The new findings also shed light on the controversy over whether modern humans dispersed from Africa in a single exodus or in multiple distinct waves at different times. When it came to people from Papua New Guinea, "we could discover, in the genomes of the Papuan individuals analyzed here, small traces of an additional, early expansion out of Africa that was previously hypothesized only from archaeological remains," Mait Metspalu, an evolutionary geneticist at the Estonian Biocenter in Tartu, Estonia, and senior author of one of the three studies, told Live Science.
The researchers suggest that at least 2 percent of the Papuan genome harbors traces of an early migration that happened about 120,000 years ago. Previous research suggested that non-Africans largely descend from an exodus that happened between 40,000 and 70,000 years ago.
"Our results, while for the most part confirming the already accepted model of a single expansion out of Africa as the source event of all non-African populations, show that additional expansions were not as unlikely as we thought," Luca Pagani, a molecular anthropologist at the Estonian Biocenter and lead author of one of the three studies, told Live Science.
Oldest living population
The scientists also discovered that aboriginal Australians "are one of the oldest living populations on Earth, and have been in the same area for the past 50,000 to 60,000 years," Willerslev said.
There was a great deal of controversy "over whether or not aboriginal Australians directly descend from the first humans entering Australia," Willerslev said. "The answer to that question is yes — our data is completely consistent with aboriginal Australians descending from the first humans to enter Australia. It shows a very long connection between those people and the land.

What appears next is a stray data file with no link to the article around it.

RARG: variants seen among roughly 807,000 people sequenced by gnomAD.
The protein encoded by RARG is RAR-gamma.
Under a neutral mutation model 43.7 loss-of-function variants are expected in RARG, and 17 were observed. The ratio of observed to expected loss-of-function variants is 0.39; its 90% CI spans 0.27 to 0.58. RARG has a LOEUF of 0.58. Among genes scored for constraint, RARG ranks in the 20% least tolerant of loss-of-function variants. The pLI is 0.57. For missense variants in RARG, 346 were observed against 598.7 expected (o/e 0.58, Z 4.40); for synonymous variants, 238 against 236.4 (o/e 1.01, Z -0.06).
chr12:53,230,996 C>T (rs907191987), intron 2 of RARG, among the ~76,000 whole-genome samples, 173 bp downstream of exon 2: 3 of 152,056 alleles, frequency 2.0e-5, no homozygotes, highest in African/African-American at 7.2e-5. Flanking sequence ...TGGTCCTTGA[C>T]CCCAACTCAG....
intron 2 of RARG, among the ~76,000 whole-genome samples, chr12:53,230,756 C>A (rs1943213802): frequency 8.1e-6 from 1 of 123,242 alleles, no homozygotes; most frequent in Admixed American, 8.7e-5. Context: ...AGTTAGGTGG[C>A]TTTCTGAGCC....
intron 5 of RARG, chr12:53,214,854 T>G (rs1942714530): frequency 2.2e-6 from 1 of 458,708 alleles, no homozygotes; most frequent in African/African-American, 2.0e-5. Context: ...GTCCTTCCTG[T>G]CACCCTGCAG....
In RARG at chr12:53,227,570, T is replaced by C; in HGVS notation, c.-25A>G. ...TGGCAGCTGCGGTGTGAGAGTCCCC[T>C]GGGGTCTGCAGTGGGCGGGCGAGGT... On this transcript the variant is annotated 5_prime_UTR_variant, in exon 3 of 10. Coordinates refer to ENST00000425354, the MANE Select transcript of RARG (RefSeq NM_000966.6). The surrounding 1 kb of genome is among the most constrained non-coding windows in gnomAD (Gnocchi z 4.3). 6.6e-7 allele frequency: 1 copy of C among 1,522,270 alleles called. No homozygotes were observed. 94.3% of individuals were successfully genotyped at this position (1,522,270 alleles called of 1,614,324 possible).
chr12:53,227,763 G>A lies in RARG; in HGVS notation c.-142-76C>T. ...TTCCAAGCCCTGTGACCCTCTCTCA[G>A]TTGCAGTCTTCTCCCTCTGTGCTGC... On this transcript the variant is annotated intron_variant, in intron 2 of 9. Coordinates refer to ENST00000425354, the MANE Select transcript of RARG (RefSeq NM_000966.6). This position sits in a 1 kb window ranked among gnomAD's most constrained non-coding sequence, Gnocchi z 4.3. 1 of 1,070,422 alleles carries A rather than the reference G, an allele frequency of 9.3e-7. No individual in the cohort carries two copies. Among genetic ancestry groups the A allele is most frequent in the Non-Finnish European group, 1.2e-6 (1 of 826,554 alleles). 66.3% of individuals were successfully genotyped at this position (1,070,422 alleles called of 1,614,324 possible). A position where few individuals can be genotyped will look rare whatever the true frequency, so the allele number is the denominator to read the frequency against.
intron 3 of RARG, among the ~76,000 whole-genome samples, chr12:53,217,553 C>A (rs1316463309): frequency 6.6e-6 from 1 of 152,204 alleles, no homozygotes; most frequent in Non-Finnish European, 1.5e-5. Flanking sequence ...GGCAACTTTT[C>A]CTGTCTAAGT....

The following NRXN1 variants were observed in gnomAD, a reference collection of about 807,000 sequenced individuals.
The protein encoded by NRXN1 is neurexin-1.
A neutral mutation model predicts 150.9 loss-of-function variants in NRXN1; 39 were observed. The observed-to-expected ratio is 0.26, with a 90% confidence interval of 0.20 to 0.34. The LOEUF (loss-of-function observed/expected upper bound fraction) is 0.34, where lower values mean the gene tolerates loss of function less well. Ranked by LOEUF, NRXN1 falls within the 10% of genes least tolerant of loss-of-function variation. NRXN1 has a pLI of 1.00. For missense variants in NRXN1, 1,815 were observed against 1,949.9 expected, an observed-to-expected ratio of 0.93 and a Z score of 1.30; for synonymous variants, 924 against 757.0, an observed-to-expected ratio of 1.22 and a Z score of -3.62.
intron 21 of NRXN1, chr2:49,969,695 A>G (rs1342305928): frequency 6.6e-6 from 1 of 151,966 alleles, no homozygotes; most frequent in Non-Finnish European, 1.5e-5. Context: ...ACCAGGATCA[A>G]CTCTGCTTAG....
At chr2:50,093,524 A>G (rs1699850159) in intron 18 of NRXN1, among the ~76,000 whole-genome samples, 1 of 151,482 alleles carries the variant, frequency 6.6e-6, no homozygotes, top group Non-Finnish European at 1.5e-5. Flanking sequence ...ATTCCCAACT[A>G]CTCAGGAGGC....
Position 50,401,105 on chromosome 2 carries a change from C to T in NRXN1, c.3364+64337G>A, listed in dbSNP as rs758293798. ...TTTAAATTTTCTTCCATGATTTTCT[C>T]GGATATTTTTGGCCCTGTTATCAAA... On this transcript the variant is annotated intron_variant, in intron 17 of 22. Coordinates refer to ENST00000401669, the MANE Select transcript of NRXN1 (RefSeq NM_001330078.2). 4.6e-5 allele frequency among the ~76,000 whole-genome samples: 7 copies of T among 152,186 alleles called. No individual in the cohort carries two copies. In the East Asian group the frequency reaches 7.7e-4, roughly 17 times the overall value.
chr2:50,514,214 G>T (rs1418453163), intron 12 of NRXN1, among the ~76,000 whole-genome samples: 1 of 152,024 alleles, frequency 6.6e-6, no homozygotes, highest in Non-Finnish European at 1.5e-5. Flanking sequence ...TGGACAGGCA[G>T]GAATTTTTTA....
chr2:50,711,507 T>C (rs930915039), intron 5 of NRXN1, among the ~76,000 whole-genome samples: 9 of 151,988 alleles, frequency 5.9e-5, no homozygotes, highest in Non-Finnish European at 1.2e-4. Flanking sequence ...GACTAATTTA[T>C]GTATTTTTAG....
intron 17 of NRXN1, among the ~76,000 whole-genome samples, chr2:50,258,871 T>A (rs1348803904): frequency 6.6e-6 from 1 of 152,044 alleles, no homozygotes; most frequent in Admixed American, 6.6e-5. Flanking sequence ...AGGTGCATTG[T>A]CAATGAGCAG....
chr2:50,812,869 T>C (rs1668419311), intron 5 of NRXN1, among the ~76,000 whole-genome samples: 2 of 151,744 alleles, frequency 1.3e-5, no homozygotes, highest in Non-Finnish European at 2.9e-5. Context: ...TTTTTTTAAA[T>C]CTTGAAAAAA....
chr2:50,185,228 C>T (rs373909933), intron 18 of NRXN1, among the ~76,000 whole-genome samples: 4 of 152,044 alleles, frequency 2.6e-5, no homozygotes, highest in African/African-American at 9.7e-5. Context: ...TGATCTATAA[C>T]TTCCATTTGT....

"I can't think of any other place in the world where humans have been so long in the same spot as Australia," Willerslev said. "Yes, there are populations in Africa that are older, but we have no idea if they stayed in the same area in Africa for as long a time."
This is the first comprehensive population-level whole-genome study of human genetic diversity in Australia. "We found that because aboriginal Australians have spent such a long time in Australia, they are very genetically diverse," Willerslev said. "An aboriginal Australian from eastern Australia and one from southwestern Australia are almost as different genetically as an Asian is from a European."
The researchers noted that about 90 percent of aboriginal Australians speak languages belonging to a single linguistic family, "but some people in northwest Australia speak other language families," Willerslev said. "It'd be very interesting to see what the story is there when it comes to how they migrated to Australia."